A Quick Guide to Sparsholt Farm

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					       A ‘Quick’ Guide to Sparsholt Farm
The farm and college has been in existence since 1913, growing to its current
size of 143ha in 1935.
The soils vary across the farm, with the hilltop soils being generally red/
orange clays that are slightly acidic (low ph) and are poorly drained. The
soils on the flatter land at the bottom of the hill tend to to be better
drained, brown loam soil. Loam soils are a mixture of sands, silts and some
clay and are considered to be good soils for most crops. The ph is
slightly alkaline.
           The soils are prepared for crops in early spring by adding animal
             manure and slurry as fertilizer then ploughing, before drilling the
             seeds. Further animal waste can be added during the year. All the
              seeds are treated with a fungicide to stop them rotting but few
             other chemicals are used unless the weeds pose a threat to animal
health. Everything added to the fields is done according to the farms policy
which aims to produce maximum soil fertility and prevent pollution.
Crops are grown at Sparsholt mainly to provide food for the livestock. Maize
(sweet corn) is planted in April and harvested in September to
feed to the cattle as silage. At the moment Sparsholt is operating
a land swap with the neighbouring farm who is growing our
maize and Sparsholt is growing their peas and wheat.
Grass is an important crop at Sparsholt. Some fields are
permanent grass, used for grazing animals especially those close
to the dairy. These are a mix of grasses and clover that ensures
a steady growth during the season. The short term grass fields are usually
rotated with a crop every 3 years. The grass type here is ryegrass which is able
to produce 12.5 tonnes of dry grass per ha per year. It is cut 3 times a year and
used to make silage for winter cattle feed or quality hay for the horses and
               The livestock on the farm between march 2003-2004 consisted
               of 160 dairy cows, 35 beef cattle, 1000 pigs, 320 breeding sheep
               producing lambs and 44 Sika deer.
              In the dairy herd of 160 Holstein cows, 130 are currently being
              milked twice daily at 4.00am and 1.45pm. The remaining 30 are
              awaiting the birth of their calves. After a cow has had a calf, she
              will produce milk for approx. 10 months. The cows are fed cow
              cake in the milking parlour to help keep up their milk production.
              The target milk production per year for each cow is 8,000 litres,
              with cows who have recently given birth.
capable of producing 40 litres each per day. The parlour is a triangular
shape which can accommodate 15 cows at a time and uses automatic
clusters, feeding and milk recording. The milk is cooled then stored in
a bulk tank holding 7,200 litres, at approx 4ºC. The milk is sold to and
collected by United Dairies in a tanker every other day. Currently the
farm receives 18p per litre for its milk. The cows are housed in open barns with
straw bedding or mattresses. They are fed silage mixed with rape seed meal,
soya and wheat with added concentrates that is delivered using a feed wagon.
The costs for feed brought in (i.e. not produced on the farm) averaged £124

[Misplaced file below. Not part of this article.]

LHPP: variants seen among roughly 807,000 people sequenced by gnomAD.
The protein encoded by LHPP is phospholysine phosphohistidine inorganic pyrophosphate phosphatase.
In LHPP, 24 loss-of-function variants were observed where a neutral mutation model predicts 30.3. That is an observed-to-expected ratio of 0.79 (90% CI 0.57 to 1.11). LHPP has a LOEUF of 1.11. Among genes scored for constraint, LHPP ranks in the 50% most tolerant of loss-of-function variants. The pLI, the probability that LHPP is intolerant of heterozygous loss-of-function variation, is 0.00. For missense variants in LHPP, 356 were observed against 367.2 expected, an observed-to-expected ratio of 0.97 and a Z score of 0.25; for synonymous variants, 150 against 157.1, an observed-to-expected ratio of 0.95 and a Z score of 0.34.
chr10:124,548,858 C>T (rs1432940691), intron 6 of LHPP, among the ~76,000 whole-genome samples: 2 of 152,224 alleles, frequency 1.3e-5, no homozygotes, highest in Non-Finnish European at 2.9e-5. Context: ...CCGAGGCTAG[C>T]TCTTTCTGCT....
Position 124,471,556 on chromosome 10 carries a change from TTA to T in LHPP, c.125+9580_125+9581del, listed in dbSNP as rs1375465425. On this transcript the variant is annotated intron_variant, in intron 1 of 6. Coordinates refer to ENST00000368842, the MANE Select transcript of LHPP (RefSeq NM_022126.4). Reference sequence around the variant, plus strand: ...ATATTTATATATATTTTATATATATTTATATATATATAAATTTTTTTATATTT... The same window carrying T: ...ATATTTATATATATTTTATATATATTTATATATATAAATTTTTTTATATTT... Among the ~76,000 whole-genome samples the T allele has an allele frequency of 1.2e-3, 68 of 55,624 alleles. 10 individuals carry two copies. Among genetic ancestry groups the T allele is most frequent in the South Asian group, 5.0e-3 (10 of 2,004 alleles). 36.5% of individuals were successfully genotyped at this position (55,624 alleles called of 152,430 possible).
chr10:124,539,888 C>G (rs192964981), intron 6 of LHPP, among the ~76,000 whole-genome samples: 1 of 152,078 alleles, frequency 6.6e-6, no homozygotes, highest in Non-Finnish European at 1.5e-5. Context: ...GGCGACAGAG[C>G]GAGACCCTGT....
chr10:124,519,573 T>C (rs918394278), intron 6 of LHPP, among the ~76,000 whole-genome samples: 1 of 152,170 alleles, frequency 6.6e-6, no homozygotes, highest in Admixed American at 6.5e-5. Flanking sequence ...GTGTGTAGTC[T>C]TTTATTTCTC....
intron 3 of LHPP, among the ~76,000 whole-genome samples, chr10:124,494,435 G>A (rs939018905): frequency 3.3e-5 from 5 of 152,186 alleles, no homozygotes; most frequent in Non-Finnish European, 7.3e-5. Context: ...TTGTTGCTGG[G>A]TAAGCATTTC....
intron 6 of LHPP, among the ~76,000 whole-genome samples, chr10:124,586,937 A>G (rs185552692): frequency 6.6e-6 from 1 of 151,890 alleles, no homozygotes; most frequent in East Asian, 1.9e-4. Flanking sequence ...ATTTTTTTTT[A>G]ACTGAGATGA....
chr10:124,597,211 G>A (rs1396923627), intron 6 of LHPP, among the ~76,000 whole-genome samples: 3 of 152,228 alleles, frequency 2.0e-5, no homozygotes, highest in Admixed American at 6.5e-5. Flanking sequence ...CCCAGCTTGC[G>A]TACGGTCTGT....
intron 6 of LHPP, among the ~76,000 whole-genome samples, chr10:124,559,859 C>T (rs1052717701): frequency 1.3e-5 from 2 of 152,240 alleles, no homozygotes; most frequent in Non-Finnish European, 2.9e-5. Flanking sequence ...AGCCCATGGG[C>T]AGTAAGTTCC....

per tonne last year, with each cow using approx 3 tonnes. Other machinery used
include a front loader and a tractor mounted scraper.
                       The 35 beef animals are sold at Frome market (auction)
                       when they reach 18 months old. The expected price would
                       be between £300-£400 per animal.
The new pig unit was completed in May 2004 at a cost of £600,000.
The unit houses 120 sows, 4 boars and the 1,800 piglets born each
year. Purpose built facilities provide accommodation for sows in social
groups, individual farrowing pens (for birth and young piglets), weaner pens
(for litters of piglets between 3-12 weeks old) and finishing pens. Pigs are fed a
dried food (pellets) containing grains, fish oils, milk, vitamins and minerals. Feed
costs are £113 per tonne with adult animals eating 3 kg per day. The pigs are
Large Whites purpose bred to produce traditional Wiltshire cured bacon. Most
sows are made pregnant via artificial insemination to maintain the genetic health
of the herd.The average number of piglets born per litter after a 115 day
pregnancy is 10, although litters can be much larger. The pigs that are not
selected to join the breeding stock are sold to market at 6 months old weighing
approx 95kg. The current price is around £1.00 per kg (Spring 2005).
            The sheep unit consists of 320 ewes, mostly Suffolk and Scotch
             half breeds. In the last year 396 lambs were sold at the average
             price of £45 per lamb. The unit is centred around the sheep barn
             where the lambs are born in February. Apart from this they spend
             the year outdoors grazing grass.
There are 4 full time farm staff including the farm manager, head of dairy unit,
a stockman and the head of pig unit. There is also extra help from students
studying agriculture. Farmers pay is considered low but is above the minimum
wage. However they do have to put in very long hours.
            The farm also has other sources of income unusual to most farms as
it has a Fish hatchery breeding Salmon and Brown Trout, an equestrian centre
with indoor and outdoor arenas, as well as other college facilities. Please see the
full Farm and Estate Guide on the website for details.

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